His books were passionately received though not bestsellers. And though he was revered by students and influenced many an emerging writer, he was never granted a professorship by the University of California, where he taught literary journalism for decades.

Maybe he didn't quite fit the contemporary formulas for security in mainstream academia or publishing. Being a Latino Jew of Sephardic pedigree in the United States is minority tripled. (Non-Eastern European Jews are a minority within Judaism.) "To be a Sephardi, I discovered, is to see the world as mystery, so that even ordinary events are infused with the sense of otherness," Perera wrote in the late '90s. "Sephardim are prone to be polyglot and multicultural from infancy, as they crisscross religious and ethnic boundaries with deceptive ease."

Perera published The Cross and the Pear Tree: A Sephardic Journey in 1995, which made him something of an icon in the Sephardic community. Always generous in lending support to a cause he liked, Perera helped co-found Ivri-NASAWI, a national Sephardic cultural organization, and served as a volunteer adviser to the UCSC quarterly Leviathan.

When Perera suffered the stroke that robbed him of his ability to write or speak normally, friends and former students rallied on his behalf to raise money to pay for his care because the state's top university doesn't adequately insure the health of all of its instructors.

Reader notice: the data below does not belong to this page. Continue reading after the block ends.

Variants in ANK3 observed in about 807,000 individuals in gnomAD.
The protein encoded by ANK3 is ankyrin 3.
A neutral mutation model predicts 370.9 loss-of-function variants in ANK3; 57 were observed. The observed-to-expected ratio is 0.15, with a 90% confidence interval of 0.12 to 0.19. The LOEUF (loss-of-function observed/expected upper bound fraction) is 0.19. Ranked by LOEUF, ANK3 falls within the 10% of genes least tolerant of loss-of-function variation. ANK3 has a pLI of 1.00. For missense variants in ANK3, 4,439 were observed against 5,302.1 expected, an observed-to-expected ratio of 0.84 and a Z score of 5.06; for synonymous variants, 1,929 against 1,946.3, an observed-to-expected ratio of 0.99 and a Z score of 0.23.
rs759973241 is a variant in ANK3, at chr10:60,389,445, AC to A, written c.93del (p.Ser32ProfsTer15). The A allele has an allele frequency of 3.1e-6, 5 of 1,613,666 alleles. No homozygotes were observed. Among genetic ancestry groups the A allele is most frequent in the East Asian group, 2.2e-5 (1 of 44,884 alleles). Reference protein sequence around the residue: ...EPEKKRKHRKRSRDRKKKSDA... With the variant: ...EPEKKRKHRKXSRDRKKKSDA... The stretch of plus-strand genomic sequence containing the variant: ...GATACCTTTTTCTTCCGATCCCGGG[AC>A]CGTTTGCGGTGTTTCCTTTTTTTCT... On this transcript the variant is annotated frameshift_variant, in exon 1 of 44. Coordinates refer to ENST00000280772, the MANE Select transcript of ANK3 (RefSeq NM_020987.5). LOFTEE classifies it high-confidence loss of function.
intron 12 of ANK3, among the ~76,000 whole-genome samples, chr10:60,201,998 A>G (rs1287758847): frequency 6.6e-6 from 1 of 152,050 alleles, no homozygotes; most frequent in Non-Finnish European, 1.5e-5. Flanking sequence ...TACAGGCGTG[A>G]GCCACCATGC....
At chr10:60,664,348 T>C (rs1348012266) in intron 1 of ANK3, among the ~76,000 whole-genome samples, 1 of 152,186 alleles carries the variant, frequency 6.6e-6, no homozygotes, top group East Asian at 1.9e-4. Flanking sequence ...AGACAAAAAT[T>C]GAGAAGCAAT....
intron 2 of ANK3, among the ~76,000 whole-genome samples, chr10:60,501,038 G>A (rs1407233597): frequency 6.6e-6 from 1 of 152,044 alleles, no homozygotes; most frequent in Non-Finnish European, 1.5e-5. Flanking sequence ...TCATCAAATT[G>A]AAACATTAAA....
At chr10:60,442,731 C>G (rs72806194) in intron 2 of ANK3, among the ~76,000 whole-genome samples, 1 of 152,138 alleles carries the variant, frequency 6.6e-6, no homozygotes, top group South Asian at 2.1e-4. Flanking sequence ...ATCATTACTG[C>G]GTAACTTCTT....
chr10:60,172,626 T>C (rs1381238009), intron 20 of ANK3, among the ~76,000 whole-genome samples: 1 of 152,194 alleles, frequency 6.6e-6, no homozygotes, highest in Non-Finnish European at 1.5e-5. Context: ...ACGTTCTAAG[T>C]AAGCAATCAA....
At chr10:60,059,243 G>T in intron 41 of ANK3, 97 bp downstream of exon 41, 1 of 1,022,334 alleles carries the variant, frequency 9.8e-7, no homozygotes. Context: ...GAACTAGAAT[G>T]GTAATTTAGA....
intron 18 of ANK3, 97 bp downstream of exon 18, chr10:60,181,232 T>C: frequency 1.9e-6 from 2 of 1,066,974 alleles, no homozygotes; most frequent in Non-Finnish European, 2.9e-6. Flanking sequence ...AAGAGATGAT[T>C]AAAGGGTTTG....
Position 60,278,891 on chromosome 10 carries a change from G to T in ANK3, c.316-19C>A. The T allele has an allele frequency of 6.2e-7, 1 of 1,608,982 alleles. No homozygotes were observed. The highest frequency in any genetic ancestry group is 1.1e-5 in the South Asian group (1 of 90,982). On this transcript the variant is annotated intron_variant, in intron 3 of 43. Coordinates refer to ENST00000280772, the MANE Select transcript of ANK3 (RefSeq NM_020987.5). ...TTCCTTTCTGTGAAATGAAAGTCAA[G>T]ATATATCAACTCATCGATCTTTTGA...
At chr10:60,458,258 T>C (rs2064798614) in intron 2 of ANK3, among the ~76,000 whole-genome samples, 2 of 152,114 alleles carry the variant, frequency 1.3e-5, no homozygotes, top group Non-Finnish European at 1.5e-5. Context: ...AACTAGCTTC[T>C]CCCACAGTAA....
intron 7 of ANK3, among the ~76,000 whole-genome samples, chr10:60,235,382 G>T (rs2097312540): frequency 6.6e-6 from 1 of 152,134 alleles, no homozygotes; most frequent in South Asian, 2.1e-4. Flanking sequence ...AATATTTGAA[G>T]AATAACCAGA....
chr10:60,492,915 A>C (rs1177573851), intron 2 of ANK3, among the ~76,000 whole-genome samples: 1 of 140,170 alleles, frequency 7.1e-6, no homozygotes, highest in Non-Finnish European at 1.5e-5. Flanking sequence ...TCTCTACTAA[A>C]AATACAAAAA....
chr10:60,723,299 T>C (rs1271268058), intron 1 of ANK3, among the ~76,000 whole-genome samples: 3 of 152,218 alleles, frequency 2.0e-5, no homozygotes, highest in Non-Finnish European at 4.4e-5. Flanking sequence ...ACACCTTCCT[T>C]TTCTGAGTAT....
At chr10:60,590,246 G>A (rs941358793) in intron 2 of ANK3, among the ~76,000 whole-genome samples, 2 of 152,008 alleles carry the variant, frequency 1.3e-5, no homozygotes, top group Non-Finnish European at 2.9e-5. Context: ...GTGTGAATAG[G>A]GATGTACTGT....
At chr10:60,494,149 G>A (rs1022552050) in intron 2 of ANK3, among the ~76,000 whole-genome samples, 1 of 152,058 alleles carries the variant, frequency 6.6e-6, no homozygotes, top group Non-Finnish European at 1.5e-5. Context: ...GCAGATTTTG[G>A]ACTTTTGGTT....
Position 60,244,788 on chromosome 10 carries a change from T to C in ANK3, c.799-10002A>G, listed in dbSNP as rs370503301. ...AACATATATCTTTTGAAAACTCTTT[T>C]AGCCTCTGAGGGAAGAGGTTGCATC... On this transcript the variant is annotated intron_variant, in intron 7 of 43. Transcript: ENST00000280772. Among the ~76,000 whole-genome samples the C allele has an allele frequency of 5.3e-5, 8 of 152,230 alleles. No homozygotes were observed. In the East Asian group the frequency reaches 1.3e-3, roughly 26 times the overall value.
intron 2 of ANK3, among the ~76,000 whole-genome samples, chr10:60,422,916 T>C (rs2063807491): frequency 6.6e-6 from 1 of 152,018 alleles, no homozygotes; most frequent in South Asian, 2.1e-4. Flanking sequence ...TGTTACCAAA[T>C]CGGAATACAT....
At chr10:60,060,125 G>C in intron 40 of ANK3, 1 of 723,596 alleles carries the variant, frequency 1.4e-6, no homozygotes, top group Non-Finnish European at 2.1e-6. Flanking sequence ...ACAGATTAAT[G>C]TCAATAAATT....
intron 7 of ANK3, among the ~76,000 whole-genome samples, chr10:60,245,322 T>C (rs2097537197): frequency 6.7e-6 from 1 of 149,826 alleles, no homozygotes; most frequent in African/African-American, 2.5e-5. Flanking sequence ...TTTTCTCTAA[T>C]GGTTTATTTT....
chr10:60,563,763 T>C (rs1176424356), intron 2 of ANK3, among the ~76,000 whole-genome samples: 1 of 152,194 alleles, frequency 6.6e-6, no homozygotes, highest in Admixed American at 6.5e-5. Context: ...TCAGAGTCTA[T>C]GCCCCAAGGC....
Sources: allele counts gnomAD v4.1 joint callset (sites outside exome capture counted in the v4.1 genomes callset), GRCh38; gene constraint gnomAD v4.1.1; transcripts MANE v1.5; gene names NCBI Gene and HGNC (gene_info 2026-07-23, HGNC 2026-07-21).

He made a partial recovery and was living in a small apartment in Santa Cruz when I visited him last year, sad that I couldn't do more to help out a friend who had encouraged my efforts as a college editor and had signed the paperwork to release me into the world with a journalism degree.

His mind was sharp as always, but he had trouble getting the words out and punched the air several times as a gesture of general frustration with his condition. Like other true artists, professional writers forgo many of the comforts afforded other accomplished members of our society because they're compelled by irresistible forces to share their thoughts. Why had the universe conspired to levy such a cruel sentence?

He kept repeating "too much" every time his words failed. Were the thoughts racing faster than his disabled coordination could express them? Was modern society careening out of control from forces beyond the ability of humans to control them? Or was he advising me to slow down, watch my health and not work so hard? I think "too much" meant all three.

Luckily, his writings, while mystical and lyrical, read less ambiguously. In browsing his works in the days since his passing, Victor Perera's visionary prose and thinking speak even louder than when his pen was snatched from his fingers half a decade ago.

Wouldn't it be fitting if his wake-up call for global survival outlasted the mortal coil? Although I confess my view is colored by hopefulness that grows out of my fondness for him as a person, I can't help but think that Perera's writings have certain elements of classics that will inspire new readers who discover his works in years ahead.

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From the June 26-July 2, 2003 issue of Metro, Silicon Valley's Weekly Newspaper.